As required by the Omnibus Transportation Employee Testing Act of 1991, the DOT is harmonizing with the Department of Health and Human Services revised Mandatory Guidelines on Federal Testing Programs. The change will also clarify existing drug testing provisions, make technical amendments and removes the requirement for employers and Consortium/Third Party Administrators to submit blind specimens.
What employers need to know
The HHS certified labs performing DOT tests will make the change to all testing beginning on January 1, 2018. Employers with concerns should contact their collection locations or drug testing third party administrators for guidance.
Important Note: NON DOT tests are not affected by this change, however, in light of the current opiate abuse epidemic, we strongly recommend that all employers expand opiate testing to include the above listed drugs. To expand opiate testing, contact your drug testing provider.
If you have any questions regarding this change, please contact our offices.
At the end of June, OSHA published a notice in the Federal Registrar proposing a delay to the required reporting of illness and injury data under the Record Keeping Rule. OSHA has also signaled that other portions of the rule may be under review and/or revised.
Additionally, In two separate lawsuits challenging the anti retaliatory portion of the rule, the federal district courts have issued a stay in litigation while OSHA considers whether to review and/or revise all or part of the rule. This is the portion of the Record Keeping Rule that will affect incentive programs and post accident testing.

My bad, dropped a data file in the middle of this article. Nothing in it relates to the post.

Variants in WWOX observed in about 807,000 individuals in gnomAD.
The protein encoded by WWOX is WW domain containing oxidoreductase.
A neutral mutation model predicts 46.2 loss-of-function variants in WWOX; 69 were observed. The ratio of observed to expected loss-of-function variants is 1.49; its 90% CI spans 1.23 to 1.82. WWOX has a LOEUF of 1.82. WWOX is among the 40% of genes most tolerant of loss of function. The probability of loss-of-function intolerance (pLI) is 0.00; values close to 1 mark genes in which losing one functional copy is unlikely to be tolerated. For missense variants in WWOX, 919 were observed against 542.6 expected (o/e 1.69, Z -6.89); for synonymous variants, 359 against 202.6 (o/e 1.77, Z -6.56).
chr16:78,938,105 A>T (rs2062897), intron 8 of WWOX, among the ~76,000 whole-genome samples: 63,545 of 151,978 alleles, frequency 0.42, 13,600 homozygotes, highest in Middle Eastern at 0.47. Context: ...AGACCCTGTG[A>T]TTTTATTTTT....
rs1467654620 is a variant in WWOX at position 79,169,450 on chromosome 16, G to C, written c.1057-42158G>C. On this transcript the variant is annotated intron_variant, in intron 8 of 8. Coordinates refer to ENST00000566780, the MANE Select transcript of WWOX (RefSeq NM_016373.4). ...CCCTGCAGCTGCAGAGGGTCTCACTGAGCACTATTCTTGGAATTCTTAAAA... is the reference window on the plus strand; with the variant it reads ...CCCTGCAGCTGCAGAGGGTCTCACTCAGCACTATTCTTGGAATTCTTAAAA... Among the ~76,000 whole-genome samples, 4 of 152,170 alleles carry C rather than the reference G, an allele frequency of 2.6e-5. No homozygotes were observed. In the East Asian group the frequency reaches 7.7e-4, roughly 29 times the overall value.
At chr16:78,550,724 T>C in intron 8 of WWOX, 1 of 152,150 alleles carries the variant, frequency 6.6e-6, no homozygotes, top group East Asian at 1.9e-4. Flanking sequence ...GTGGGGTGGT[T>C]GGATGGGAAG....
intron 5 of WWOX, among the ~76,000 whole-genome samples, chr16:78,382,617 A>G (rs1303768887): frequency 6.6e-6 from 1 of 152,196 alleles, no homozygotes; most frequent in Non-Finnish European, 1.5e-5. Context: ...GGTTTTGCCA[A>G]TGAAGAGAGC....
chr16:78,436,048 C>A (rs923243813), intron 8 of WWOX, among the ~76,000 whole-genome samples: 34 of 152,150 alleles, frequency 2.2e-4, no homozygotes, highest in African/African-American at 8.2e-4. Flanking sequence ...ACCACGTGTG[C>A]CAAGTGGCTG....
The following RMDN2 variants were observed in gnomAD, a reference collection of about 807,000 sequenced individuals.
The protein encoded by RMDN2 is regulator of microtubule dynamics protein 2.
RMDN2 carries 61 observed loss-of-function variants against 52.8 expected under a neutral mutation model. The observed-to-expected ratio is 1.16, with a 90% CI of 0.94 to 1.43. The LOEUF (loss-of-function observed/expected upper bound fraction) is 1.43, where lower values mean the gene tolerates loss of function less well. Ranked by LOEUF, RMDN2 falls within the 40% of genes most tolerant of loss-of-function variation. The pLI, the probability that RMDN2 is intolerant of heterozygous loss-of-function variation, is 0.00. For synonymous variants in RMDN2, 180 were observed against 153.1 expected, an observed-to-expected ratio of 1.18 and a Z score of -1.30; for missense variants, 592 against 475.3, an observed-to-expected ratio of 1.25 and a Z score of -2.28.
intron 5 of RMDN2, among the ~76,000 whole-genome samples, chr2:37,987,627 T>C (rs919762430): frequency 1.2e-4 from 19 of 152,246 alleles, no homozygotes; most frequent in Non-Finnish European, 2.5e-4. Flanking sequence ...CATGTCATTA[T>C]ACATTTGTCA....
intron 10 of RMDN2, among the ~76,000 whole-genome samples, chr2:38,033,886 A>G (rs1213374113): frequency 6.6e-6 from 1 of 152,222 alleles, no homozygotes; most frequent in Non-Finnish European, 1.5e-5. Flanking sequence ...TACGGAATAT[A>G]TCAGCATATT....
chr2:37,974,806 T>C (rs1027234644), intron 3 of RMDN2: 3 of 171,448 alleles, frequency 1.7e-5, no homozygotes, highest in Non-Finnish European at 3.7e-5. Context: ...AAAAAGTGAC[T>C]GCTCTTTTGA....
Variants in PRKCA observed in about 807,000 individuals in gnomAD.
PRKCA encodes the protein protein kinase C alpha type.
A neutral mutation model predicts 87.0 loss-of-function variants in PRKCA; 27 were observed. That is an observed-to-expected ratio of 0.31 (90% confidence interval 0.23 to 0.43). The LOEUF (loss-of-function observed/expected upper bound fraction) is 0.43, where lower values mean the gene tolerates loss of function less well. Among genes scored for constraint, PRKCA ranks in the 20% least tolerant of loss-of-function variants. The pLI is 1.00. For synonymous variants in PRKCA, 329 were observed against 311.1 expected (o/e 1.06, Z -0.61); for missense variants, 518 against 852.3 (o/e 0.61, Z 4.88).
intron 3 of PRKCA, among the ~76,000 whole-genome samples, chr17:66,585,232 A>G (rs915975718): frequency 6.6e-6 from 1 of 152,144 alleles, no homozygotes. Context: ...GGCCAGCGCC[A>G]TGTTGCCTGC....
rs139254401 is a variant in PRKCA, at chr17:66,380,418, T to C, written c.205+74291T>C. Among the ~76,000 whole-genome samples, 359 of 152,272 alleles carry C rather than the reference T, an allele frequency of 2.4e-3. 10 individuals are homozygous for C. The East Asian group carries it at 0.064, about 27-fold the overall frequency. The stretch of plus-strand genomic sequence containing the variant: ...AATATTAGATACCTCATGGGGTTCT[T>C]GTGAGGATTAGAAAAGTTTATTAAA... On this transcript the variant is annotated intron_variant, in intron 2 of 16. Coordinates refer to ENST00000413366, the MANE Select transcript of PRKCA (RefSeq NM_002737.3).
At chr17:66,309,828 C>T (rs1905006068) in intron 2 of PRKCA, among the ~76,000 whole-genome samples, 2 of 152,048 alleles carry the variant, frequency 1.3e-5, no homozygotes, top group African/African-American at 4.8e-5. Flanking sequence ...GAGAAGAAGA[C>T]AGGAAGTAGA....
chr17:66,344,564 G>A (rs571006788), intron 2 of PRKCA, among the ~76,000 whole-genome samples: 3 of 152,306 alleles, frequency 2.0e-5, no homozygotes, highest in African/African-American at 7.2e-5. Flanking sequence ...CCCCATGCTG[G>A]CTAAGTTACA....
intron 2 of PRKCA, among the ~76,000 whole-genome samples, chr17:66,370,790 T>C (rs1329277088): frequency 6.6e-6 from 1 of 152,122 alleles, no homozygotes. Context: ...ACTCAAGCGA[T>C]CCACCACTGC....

What employers need to know
The delay only affects the effective date of the reporting of illness and injury requirement. While OSHA is considering reviewing and/or revising other sections of the Record Keeping Rule, nothing official has come from OSHA. Employers should continue to follow the current protocol and only require a post accident drug test when there's reason to believe that drugs or alcohol may have been contributed to the cause of the injury.
We will continue to monitor the situation and send an update as soon as information is made available.
We had such an overwhelming demand on our webinar: "Don't Get Fined: Ohio's Medical Marijuana Law and OSHA"s Position on Post Accident Testing", that we scheduled a second session. To register, click the link below and we thank you for making this course so popular!
Webinar: Don't Get Fined: Ohio's Medical Marijuana Law and OSHA's Position on Post Accident Testing
Date: Tuesday, December 20 at 1 pm
Seating is limited. Pre-registration is required.
Click here to register for the December 20th session.
Featured Webinar Schedule:
"Don't Get Fined! Medical Marijuana in Ohio and OSHA's position on Post Accident Testing"
12/14 at 9 am or 12/20 at 1 pm
Injury Nurse Triage: The Missing Piece for an Effective Workers' Compensation Program
1/25 at 9 am
"Transitional Work Grant and Bonus Program: Right for your Company?"
2/22 at 9 am
Managing a Drug Free Workplace in a Heroin and Prescription Drug Epidemic
3/15 at 9 am
To register, please visit our website: Webinar Schedule
Webinar: "Don't Get Fined! Medical Marijuana in Ohio and OSHA's Position on Post Accident Testing" Scheduled for 12/14
OSHA's position on post accident testing could bring big fines if your company is not in compliance and Ohio's new medical marijuana law is leaving employers perplexed. Join us for a one hour webinar where we will review it all!
Seating is limited. Pre registration is required. Register here: Webinar Registration.
Featured Webinars Schedule:
For more information or to register for our Featured webinars: First Connect Webinar Schedule
Ohio's Drug Free Safety Program doesn't exempt your company from OSHA's position on post accident testing